Ambassador: TAP will further strengthen Italy’s role as Azerbaijan’s first trade partner

Politics Materials 19 February 2020 13:16 (UTC +04:00)
Trend’s exclusive interview with Ambassador of Italy to Azerbaijan Augusto Massari
Ambassador: TAP will further strengthen Italy’s role as Azerbaijan’s first trade partner

BAKU, Azerbaijan, Feb.19

By Leman Zeynalova – Trend:

Trend’s exclusive interview with Ambassador of Italy to Azerbaijan Augusto Massari

Question: Today the President of Azerbaijan lands in Italy to mark the start of a State visit to the Italian Republic. Can you share an anticipation of some of the highlights and main contents of this visit?

Answer: High-level visits are a good indicator of the degree of trust and mutual understanding between countries and governments. I think a quick glance at this indicator speaks volumes about the intensity of Italian-Azerbaijani dialogue. It is extraordinary that in only one year and a half we have had the first visit of an Italian President of the Republic in Azerbaijan, and now the visit of President Ilham Aliyev to Rome. In between, we have had the visit of the First Vice-President, Mehriban Aliyeva to Rome and the first-ever visit in Baku of a Speaker of the Italian Senate, the second highest-ranking official after the Head of State, in October 2019. Members of both Governments exchange visits very frequently and just one month ago, in January, Rome hosted the latest session of the Bilateral Intergovernmental Joint Commission. I think we have set the scene for a very successful few days of President Aliyev in Italy!

He will meet, of course, with our President of the Republic, Sergio Mattarella, and our Prime Minister, Giuseppe Conte, but also with the Speakers of both Chambers of our Parliament. Together with our Minister of Foreign Affairs, your President will open a large bilateral Business Forum, with the participation of hundreds of companies from both countries, and we expect to sign an unprecedented number of agreements. Among these, a new Declaration on strategic partnership stands out as a significant political step. The key aspect of this visit is its spirit and substance – the mutual acknowledgment that our countries can build on their political understanding and their commercial relationship in order to deepen their ties at all levels, especially in terms of industrial cooperation.

Question: Azerbaijan and Italy are bound by such a significant energy project as the Trans Adriatic Pipeline (TAP). TAP has recently achieved an important milestone by filling 2-km section of its Greek part with gas. This means Italy is one more step close to receiving gas from Azerbaijan. How do you assess the significance of TAP for ensuring Italy’s energy security and diversification?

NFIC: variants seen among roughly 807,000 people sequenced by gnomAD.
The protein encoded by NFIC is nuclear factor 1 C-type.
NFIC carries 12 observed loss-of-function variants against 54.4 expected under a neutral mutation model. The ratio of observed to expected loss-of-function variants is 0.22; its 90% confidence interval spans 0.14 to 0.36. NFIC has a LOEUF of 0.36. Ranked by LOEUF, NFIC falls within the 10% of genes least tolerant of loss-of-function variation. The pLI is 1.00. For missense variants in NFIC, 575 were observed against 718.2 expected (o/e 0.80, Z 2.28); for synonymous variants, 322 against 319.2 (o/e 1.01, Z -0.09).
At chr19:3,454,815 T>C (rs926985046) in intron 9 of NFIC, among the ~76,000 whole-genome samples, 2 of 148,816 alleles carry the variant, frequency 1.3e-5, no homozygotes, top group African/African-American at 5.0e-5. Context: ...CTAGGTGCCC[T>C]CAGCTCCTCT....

Answer: The TAP project is proceeding according to plan and reached 92 percent of completion at the end of January. Work is speedily proceeding in the Italian segment of the pipeline. We expect the first gas from Azerbaijan to reach the Italian network in the autumn. The Italian government has consistently supported the project over the years, bearing in mind its role in further diversifying Italy and the EU’s gas supplies, and accelerating our transition toward a clean energy mix.

Q.: This year will mark the commissioning of the entire Southern Gas Corridor, which will for the first time deliver Azerbaijani gas to Europe. In this context, the discussions on the expansion of the Corridor’s capacity have been intensified. How does Italian side see the prospects and benefits of the capacity expansion? Is it possible for Italy to increase the volume of gas purchases via the Southern Gas Corridor in the long-term?

A.: Italy has the second-largest manufacturing sector in Europe, and produces only a tiny fraction of the huge amount of energy it needs. The initial supplies of gas through TAP (10 bcm/year, of which 8.8 earmarked for Italy proper) will be helpful, but our market may indeed demand more. I know that several hypotheses exist in this regard, among which the Trans Caspian Pipeline, but it seems that discussions in this regard are still at an early stage.

Q.: Aside from the energy field, Italian companies are successfully participating in a number of projects in Azerbaijan in the spheres of agriculture and many other fields. How do you see the prospects for even more developing the cooperation in the non-oil sector?